Wills, Trusts & Estates Prof Blog

Editor: Gerry W. Beyer
Texas Tech Univ. School of Law

Tuesday, October 16, 2012

The Consequences of Not Taking a Required Distribution From an IRA or Roth IRA

IRAAs I have previously discussed, a non-spouse beneficiary that inherits an IRA or a Roth IRA must begin to take distribution within a year after the owner's death. There are rules that apply to this type of situation. A beneficiary must establish an inherited account by the end of the year that the owner of IRA died. Typically, the deadline is on December 31st of that year. It is also the deadline for when a beneficiary must take his or her first required mandatory distribution. If a person misses one of these required distributions, then the distribution returns to the default option under the IRA account agreement.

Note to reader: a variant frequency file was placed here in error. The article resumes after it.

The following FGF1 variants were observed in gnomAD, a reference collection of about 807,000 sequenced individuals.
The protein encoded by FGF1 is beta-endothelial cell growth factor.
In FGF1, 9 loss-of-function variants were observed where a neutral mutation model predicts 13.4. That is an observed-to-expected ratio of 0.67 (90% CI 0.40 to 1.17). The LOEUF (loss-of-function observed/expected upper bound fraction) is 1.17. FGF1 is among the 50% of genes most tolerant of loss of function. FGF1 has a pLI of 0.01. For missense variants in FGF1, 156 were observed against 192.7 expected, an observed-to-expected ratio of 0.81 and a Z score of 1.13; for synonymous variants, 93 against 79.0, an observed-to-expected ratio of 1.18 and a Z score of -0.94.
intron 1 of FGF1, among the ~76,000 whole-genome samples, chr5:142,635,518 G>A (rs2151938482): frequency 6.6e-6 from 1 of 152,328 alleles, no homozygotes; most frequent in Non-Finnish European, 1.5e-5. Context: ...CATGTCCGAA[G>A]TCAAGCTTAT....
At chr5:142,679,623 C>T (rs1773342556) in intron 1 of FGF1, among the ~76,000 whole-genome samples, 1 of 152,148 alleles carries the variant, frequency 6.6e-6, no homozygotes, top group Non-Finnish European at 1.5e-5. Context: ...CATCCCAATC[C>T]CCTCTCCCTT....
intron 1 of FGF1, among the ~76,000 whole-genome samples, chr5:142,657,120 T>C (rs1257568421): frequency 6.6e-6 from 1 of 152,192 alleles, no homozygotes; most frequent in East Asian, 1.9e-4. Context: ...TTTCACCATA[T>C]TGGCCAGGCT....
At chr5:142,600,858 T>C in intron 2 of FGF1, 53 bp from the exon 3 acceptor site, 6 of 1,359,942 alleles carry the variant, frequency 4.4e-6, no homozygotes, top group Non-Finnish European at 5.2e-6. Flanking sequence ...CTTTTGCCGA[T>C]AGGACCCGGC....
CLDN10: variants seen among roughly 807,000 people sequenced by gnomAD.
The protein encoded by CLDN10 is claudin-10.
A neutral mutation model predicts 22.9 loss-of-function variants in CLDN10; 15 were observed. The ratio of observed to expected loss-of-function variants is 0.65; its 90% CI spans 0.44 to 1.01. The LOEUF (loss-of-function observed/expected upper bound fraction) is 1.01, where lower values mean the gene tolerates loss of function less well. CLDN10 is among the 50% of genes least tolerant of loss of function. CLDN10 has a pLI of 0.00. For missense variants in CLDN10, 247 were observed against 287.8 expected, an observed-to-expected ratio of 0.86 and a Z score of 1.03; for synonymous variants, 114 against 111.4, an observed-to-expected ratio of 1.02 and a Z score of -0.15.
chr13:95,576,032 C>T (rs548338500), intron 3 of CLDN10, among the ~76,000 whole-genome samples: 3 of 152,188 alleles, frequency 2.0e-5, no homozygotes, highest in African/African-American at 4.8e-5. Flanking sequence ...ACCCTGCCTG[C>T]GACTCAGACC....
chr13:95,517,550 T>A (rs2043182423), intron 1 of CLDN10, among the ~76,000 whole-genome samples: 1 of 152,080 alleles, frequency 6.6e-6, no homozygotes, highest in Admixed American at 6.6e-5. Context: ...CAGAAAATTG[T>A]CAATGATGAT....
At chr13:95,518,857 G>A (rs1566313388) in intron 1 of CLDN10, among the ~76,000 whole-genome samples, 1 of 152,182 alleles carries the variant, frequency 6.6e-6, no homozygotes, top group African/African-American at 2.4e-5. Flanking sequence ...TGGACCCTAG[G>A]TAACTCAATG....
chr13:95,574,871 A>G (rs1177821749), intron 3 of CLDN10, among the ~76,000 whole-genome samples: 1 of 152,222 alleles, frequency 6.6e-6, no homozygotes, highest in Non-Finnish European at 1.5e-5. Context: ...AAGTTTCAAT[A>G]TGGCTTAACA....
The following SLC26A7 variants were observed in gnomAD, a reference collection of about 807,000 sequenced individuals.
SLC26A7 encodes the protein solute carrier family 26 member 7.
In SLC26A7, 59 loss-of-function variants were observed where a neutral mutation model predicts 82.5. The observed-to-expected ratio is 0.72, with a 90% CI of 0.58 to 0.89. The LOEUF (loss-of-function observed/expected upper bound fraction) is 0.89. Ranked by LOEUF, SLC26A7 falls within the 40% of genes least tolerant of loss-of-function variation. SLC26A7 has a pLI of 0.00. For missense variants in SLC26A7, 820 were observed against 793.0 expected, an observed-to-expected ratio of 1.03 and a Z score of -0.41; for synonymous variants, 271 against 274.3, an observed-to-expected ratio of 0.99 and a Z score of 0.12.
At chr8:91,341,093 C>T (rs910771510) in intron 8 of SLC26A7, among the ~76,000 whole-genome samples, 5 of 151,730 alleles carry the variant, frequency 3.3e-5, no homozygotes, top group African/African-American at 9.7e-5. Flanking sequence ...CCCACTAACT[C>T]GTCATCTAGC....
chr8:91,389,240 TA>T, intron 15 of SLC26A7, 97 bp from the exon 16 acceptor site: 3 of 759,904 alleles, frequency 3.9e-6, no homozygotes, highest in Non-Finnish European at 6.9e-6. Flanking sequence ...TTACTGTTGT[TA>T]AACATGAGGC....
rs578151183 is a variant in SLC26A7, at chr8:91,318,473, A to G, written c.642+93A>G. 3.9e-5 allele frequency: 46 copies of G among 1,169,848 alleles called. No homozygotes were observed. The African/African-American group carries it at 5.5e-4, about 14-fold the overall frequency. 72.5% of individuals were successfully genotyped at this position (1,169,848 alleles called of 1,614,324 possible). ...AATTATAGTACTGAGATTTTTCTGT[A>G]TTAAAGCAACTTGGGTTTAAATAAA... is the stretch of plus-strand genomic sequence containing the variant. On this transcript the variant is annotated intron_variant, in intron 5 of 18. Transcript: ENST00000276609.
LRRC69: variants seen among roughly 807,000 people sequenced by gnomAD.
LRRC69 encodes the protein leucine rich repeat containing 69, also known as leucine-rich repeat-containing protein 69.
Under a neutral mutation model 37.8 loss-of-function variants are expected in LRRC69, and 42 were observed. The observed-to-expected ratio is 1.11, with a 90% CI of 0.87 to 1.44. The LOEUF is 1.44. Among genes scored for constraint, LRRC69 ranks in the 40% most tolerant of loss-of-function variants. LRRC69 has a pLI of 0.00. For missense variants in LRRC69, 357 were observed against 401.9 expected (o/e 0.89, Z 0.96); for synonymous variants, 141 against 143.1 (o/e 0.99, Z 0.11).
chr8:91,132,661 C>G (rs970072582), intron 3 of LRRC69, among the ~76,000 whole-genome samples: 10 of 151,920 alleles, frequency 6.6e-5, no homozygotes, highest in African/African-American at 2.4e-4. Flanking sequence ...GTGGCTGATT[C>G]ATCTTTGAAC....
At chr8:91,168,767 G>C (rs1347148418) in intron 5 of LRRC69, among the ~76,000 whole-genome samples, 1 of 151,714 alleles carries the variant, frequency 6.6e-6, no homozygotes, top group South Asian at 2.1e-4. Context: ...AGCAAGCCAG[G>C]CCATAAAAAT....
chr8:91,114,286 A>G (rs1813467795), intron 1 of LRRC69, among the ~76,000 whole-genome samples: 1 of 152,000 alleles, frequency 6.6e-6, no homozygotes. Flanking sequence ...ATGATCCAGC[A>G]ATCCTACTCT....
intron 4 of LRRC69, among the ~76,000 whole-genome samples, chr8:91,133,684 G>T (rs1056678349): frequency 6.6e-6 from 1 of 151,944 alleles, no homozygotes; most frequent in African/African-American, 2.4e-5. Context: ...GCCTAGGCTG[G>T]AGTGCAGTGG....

If a beneficiary wants to calculate his or her required distribution amount, then that person might want to consider taking the following steps. First, the beneficiary might want to consider finding their life expectancy factor, which can be found in IRS Publication 590. Once the beneficiary has obtained that, the person then needs to find the prior year-end account balance, which is usually based on the previous year's account balance. The beneficiary would need to "divide the account balance by your life expectancy factor to get the amount of your RMD for the year." In each subsequent year, the beneficiary would need to reduce his or her life expectancy number.

See Beverly DeVeny & Jared Trexler, What Happens When A Beneficiary Does Not Take RMDs?, The Slott Report, Oct. 12, 2012.

Special thanks to Brian Cohan (Attorney at Law, Law Offices of Brian J. Cohan, P.C.) for bringing this article to my attention. 


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